As Spanish/Ethiopian/Finnish post apocalyptic films go, Crumbs is… an unusual one. Never before has the end of the world seemed so… bizarre.
This is a far cry from the scorched Earth hi-jinks that one usually expects from a post apocalyptic film. While the film opens on a desert wasteland unlike any ever seen before on screen, one that almost seems to writhe and undulate before our very eyes, the rest of the story takes place in verdant green forests, lush mountain roads, and desolate but functional open air spaces.
With just a few simple adjustments in perspective, the world of Crumbs is instantly established as something truly alien.
The movie reclaims and repurposes the world we know, turning it into something strange and wonderful.
Part of that strange and wonderful something?
Yup. Simple, ordinary, everyday stuff.
In the world of Crumbs, the detritus of our pop culture, divorced of its original context, take on new and unfamiliar significances.
A mass produced Ninja Turtle action figure becomes the totem of a warrior race. A plastic sword becomes a holy weapon. Michael Jordan becomes an idol of worship. A sorely underrated Michael Jackson album is currency. A bowling alley can become the site of a minor miracle.
Even the Nazi symbol becomes distinct from its horrific history as it finds itself on the uniform of an intimidating looking but mostly hapless scavenger.
The junk of our current world becomes the treasure of the next.
It is in this odd, fairy tale-like world that we meet Candy (Daniel Tadesse) and Sayat (Selam Tesfayie), a pair of lovers in this very strange land. After the spaceship that has hovered in the sky above appears to revive itself after an eternity of dormancy, Candy goes on a perilous quest to find Santa Claus, who he believes will grant their wish of getting them on the spaceship so they can finally return to their home planet.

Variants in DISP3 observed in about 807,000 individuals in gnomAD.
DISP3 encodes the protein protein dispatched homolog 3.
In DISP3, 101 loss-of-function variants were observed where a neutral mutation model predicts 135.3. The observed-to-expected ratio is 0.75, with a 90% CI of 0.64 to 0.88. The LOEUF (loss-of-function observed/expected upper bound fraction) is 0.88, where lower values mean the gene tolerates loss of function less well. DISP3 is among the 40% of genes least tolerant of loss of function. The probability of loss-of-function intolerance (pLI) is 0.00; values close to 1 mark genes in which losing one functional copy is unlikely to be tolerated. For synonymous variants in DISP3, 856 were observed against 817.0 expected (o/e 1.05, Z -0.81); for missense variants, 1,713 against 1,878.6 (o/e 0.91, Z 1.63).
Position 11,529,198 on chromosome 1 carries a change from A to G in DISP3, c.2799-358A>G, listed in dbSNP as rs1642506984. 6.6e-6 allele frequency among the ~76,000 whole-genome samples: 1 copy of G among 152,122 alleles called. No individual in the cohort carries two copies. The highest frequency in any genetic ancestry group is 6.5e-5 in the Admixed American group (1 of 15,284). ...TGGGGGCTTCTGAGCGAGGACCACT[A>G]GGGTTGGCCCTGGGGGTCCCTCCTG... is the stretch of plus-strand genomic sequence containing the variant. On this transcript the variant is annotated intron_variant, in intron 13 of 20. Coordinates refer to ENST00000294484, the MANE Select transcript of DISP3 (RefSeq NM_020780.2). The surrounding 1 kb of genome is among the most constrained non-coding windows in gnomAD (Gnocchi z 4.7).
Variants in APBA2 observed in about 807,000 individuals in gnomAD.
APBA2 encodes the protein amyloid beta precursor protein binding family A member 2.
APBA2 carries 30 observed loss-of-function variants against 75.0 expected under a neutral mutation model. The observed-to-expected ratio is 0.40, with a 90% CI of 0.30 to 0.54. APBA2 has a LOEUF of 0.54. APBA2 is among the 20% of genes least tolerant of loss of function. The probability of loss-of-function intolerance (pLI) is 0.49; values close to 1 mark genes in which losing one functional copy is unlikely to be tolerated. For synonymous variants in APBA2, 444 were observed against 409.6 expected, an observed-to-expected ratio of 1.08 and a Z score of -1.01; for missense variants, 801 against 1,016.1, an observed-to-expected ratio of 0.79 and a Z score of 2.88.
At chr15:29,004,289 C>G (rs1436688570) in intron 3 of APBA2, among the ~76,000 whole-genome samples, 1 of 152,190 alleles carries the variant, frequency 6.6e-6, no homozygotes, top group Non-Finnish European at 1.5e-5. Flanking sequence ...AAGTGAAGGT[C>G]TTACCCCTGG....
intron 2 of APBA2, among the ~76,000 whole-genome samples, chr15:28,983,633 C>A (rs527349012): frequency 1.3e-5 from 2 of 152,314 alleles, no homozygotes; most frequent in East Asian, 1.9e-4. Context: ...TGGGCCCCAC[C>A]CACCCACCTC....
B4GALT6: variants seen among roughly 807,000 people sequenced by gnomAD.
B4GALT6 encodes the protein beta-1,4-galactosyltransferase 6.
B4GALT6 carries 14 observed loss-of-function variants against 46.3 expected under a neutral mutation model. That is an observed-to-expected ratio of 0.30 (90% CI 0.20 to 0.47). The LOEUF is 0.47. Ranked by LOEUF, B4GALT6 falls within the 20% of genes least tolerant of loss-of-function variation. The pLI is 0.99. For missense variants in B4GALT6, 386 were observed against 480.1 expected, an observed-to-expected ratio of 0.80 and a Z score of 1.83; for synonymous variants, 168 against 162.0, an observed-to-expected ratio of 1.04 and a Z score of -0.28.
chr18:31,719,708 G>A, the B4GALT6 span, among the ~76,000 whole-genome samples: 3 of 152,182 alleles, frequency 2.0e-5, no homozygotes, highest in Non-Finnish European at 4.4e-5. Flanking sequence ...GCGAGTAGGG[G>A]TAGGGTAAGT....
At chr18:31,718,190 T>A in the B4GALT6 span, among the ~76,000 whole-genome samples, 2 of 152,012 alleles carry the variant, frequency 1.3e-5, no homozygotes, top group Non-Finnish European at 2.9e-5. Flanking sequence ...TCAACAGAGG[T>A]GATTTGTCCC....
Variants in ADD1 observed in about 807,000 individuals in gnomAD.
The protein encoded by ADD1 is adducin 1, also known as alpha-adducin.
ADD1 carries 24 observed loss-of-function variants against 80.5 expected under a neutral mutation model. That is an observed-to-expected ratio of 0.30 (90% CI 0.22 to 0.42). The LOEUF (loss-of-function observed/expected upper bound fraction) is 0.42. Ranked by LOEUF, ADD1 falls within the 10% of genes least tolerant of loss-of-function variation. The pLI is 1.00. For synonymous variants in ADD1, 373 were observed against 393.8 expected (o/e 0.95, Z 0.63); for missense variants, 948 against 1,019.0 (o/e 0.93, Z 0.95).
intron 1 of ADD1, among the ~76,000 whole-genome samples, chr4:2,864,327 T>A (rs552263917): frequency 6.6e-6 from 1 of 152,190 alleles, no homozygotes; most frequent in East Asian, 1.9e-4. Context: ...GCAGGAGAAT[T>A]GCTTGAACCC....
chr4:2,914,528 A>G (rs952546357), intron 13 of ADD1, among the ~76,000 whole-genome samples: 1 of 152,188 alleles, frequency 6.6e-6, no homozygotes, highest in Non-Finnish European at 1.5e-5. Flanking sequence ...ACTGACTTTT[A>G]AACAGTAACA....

All of this probably sounds absurd. Which it is, of course. But light fingered absurdity is just one of the many virtues of Crumbs.
Expanded from a short film by Miguel Llanso (though only just; the film still clocks in at a little over an hour), the mix of humor and imagination in Crumbs casts a hypnotic spell. Unlike most stories of this nature, the journey is the whole point of thing. What happens when Candy meets Santa Claus is of far less importance to the filmmakers (and to the audience) than just spending time in this unique alternate reality.
The quest Candy undertakes isn’t exactly fraught with danger. Any real moments of tension are quickly defused, and the viewer worries less for Candy’s safety and more that he’ll actually be able to complete his mission. Because at a certain point, all we want is for Candy to get back to his lady.
What starts out as a post apocalyptic satire becomes almost a romantic fable.
It helps that Daniel Tadesse is instantly and utterly loveable as Candy.
With his clipped posture, high-and-sweetened voice and gentle, wary eyes, Tadesse is no one’s idea of a hero. Hardly a man of action, or even, seemingly, one to overcome great odds. But he invests Candy with a sort of fearful determination; he’s scared, but will do anything to ensure the future of him, his wife, and his yet-to-be born son, who will one day be King of The Universe. Or something like that.
And with that in mind, it actually means something when he finally confronts Santa Claus (Tsegaye Abegaz, the weirdest one of all, and that’s really saying something). Half-insane from a lack of good little boys and girls to give gifts to, and still clinging to a pointless bureaucratic system for granting wishes, the encounter doesn’t go as well as one might hope. But after an entire film of Candy flinching and cowering at every potential threat, it’s shocking and electrifying to see him stand up for himself.
As to where his newfound courage gets him… well, it’s a fairy tale, isn’t it? Things will be fine.
The pieces don’t all fit together, but that’s okay: Crumbs is too singular weird and wonderful an accomplishment not to forgive it a few rough edges. Miguel Llanso has created an evocative world and peopled it with memorable, loveable characters. And science fiction fans with a taste for the offbeat owe it to themselves to give it a look.